If you’ve ever wandered the halls and rooms of an art gallery or museum, you may have noticed a range of thoughts and emotions stirring within. Maybe you felt moved to sadness, happiness, or wonderment while viewing a particular piece. You may have left the exhibit feeling inspired or intrigued to learn more about an artist or era.
Whatever the individual responses experienced, it is widely accepted that artwork has the potential to influence our emotional state as well as our views and perceptions of the world around us. For those fortunate enough to have visited galleries and museums at a young age, whether on school field trips or in the company of a parent or guardian, the early exposure to paintings, sculptures, and other forms of artwork may have been more influential than realized.
From March 2012 through December 2012, researchers examined the effects of art exposure in a large-scale study of nearly 11,000 students who visited the Crystal Bridges Museum in Bentonville, Arkansas, during that time. When the museum’s school tour program was announced, demand for participation was so high that the 123 schools that participated in the field trips and study were selected at random to allow for students from a range of social and economic backgrounds to be included.
According to Anne Kraybill, school and community programs coordinator at Crystal Bridges and the person responsible for spearheading the study, students were led through a tour of four to five pieces of art, which were accompanied by “guiding questions” and “age-appropriate activities.” Six different tours were led for specific grade ranges, and each tour had four stops during a 60-minute period.
A few weeks after their one-hour museum tour, students in the “treatment group” were asked to write an essay based on one of the paintings they viewed at the museum that they had never seen before. The essays were then blindly evaluated and scored using a seven-item rubric for assessing critical thinking developed by researchers at the Isabella Stewart Gardner Museum in Boston.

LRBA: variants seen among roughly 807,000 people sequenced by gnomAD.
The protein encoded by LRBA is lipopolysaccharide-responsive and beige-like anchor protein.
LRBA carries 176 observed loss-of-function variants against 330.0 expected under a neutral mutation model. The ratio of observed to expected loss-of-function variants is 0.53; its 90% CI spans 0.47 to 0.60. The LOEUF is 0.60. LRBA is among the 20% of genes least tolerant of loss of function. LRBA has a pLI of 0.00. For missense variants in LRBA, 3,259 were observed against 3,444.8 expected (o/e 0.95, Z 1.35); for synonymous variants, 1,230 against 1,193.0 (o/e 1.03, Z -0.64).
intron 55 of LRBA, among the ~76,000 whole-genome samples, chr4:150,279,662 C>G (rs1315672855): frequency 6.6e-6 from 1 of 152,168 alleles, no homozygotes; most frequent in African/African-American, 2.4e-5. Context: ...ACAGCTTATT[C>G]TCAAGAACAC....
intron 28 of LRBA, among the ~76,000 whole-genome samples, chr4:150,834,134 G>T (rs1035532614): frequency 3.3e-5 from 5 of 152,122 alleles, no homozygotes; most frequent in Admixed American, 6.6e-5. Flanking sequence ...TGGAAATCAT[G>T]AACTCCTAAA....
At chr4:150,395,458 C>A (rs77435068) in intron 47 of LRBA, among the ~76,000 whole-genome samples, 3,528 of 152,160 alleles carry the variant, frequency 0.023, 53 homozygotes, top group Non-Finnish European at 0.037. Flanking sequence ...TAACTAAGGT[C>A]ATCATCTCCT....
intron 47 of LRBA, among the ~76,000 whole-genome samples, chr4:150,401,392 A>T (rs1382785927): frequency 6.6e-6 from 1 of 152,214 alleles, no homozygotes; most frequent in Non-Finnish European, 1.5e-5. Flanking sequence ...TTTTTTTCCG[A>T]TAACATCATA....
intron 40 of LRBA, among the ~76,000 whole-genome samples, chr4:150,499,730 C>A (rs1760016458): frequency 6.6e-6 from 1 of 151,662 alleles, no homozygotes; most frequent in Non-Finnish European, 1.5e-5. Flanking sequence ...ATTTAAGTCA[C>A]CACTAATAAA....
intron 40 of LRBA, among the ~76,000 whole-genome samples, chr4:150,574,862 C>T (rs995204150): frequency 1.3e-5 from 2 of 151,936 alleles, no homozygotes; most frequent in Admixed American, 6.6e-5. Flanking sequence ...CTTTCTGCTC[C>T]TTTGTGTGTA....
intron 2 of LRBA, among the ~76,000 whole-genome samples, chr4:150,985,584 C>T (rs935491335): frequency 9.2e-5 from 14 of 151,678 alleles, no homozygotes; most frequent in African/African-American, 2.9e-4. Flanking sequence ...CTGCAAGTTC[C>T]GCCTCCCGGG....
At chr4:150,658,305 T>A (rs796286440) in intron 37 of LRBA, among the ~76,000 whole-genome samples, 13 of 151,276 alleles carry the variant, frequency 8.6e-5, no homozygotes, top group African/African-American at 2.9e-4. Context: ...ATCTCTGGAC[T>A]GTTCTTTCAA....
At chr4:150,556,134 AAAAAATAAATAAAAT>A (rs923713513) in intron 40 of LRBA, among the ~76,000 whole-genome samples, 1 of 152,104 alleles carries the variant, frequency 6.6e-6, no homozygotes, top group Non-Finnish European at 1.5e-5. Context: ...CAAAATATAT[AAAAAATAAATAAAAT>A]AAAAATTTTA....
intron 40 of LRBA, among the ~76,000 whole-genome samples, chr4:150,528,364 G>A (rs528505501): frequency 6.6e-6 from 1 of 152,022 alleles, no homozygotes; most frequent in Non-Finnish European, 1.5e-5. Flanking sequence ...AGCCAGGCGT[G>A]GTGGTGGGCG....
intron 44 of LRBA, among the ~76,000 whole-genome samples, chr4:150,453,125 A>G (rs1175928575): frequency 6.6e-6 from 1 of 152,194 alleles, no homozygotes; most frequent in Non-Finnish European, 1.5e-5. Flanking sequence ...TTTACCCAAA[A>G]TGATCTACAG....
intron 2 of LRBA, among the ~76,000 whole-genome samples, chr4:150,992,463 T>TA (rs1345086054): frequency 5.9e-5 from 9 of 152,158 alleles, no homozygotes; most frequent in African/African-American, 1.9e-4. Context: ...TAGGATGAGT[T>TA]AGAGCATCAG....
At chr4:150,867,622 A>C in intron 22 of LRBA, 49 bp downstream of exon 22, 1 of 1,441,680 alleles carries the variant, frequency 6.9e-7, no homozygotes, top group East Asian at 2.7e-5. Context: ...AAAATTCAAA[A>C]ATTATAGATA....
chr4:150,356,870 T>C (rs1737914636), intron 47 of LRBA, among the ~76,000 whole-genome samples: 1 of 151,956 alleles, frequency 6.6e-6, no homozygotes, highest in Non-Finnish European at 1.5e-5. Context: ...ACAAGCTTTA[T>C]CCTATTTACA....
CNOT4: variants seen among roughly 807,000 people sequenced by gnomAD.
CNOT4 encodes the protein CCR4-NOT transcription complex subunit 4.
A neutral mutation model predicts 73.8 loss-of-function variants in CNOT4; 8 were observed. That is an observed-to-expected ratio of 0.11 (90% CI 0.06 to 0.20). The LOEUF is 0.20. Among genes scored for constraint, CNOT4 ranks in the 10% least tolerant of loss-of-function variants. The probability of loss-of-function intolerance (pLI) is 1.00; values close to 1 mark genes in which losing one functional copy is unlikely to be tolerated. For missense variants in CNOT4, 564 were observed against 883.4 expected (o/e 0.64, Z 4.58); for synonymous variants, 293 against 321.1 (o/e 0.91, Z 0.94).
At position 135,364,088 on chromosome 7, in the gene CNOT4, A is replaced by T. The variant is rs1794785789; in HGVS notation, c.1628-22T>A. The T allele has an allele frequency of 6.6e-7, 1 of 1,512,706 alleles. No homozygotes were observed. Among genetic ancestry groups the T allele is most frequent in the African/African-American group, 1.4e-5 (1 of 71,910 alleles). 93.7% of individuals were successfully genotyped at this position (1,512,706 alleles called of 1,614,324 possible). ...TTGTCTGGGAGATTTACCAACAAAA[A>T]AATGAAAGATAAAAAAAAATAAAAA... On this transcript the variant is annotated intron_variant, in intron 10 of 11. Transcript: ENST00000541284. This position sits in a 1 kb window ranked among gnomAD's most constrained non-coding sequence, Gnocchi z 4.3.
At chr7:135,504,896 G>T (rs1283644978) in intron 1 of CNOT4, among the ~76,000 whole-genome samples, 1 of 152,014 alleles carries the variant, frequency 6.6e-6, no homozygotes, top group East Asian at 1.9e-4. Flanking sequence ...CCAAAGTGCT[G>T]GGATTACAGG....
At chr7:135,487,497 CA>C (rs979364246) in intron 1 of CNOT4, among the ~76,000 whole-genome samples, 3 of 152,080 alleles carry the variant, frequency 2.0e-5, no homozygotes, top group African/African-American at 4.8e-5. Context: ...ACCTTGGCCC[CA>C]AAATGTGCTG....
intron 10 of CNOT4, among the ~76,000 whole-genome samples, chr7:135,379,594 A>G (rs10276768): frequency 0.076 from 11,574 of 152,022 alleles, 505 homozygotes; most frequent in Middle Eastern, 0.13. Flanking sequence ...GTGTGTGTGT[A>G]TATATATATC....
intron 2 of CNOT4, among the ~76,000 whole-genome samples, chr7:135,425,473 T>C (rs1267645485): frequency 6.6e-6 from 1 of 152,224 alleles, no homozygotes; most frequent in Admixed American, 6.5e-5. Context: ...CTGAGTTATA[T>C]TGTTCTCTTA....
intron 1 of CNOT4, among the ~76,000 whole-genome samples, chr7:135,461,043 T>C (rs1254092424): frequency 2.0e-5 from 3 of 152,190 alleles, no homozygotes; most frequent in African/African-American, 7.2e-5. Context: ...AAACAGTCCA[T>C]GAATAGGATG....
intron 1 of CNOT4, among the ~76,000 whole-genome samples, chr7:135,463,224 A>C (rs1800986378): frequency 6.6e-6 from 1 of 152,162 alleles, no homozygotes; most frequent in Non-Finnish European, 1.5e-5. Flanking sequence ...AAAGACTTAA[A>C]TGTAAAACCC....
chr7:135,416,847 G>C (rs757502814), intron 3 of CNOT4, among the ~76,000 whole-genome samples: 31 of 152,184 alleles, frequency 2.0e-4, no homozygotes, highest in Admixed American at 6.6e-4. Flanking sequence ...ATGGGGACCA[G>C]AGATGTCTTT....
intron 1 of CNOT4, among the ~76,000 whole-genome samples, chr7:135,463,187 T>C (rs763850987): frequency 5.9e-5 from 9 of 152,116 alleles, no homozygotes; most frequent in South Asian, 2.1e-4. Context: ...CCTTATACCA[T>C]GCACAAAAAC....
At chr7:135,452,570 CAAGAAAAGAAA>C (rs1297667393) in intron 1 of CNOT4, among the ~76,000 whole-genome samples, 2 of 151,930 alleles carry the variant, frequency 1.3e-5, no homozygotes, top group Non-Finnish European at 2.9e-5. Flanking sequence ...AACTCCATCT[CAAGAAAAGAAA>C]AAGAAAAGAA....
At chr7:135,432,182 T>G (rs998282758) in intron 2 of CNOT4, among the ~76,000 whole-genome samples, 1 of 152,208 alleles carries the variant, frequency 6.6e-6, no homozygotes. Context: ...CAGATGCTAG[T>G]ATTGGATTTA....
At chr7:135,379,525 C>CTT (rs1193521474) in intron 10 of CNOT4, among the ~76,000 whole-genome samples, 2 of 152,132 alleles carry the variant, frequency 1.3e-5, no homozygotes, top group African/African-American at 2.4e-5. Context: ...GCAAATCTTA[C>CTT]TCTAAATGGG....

The researchers’ findings revealed that after touring the museum, the students retained much of the information they learned, even weeks later—not because it was forced or for a test, but because they found the material interesting (Kraybill, 2013). Their essays also reflected increased historical empathy, tolerance, and critical thinking skills. These effects were especially pronounced in students who were “disadvantaged” with regard to economic means—primarily because outside of this school trip, the opportunities for these “rural and high-poverty” students to view art were limited or nonexistent (Greene, Kisida, and Bowen, 2014; Kraybill, 2013).
“The School Visit program uses a methodology that is student-driven,” Kraybill said in an interview with GoodTherapy.org. “Students exchange their ideas and opinions, and this requires a level of trust. Differing opinions are encouraged, but only if presented respectfully and with sensitivity. In addition, students are exposed to a wide range of perspectives presented by artists throughout time. This enables them to better empathize with people and times that are unlike their own. Looking at and interpreting art requires critical thinking. Students have to first observe, then make hypotheses and justify those with observational data. Then they have to infer about what might be happening in the artwork.”
The purpose of the study was largely to establish evidence that field trips and extracurricular excursions to art museums are a valuable experience for youth. Over the course of her years working in the museum world, Kraybill witnessed a decline in school tours (2013). To combat this trend and encourage ongoing student interaction with artwork, Crystal Bridges hosts daily school tours throughout the year with the help of funding from the Willard and Pat Walker Charitable Foundation.
“It has been an awesome and humbling experience to have over 30,000 students visit the museum through this program,” Kraybill said. “Every tour that is given is different because the students bring their own perspective to interpreting a work of art. We learn as much from them [as they learn from us] because each observation and interpretation is unique.”
- Greene, J. P., Kisida, B., and Bowen, D. H. (2014, Winter). The educational value of field trips. EducationNext, vol. 14, no. 1. Retrieved from http://educationnext.org/the-educational-value-of-field-trips/
- Kraybill, A. (2013, September 16). What’s the value of an art museum field trip? Art Museum Teaching. Retrieved from http://artmuseumteaching.com/2013/09/16/whats-the-value-of-an-art-museum-field-trip/
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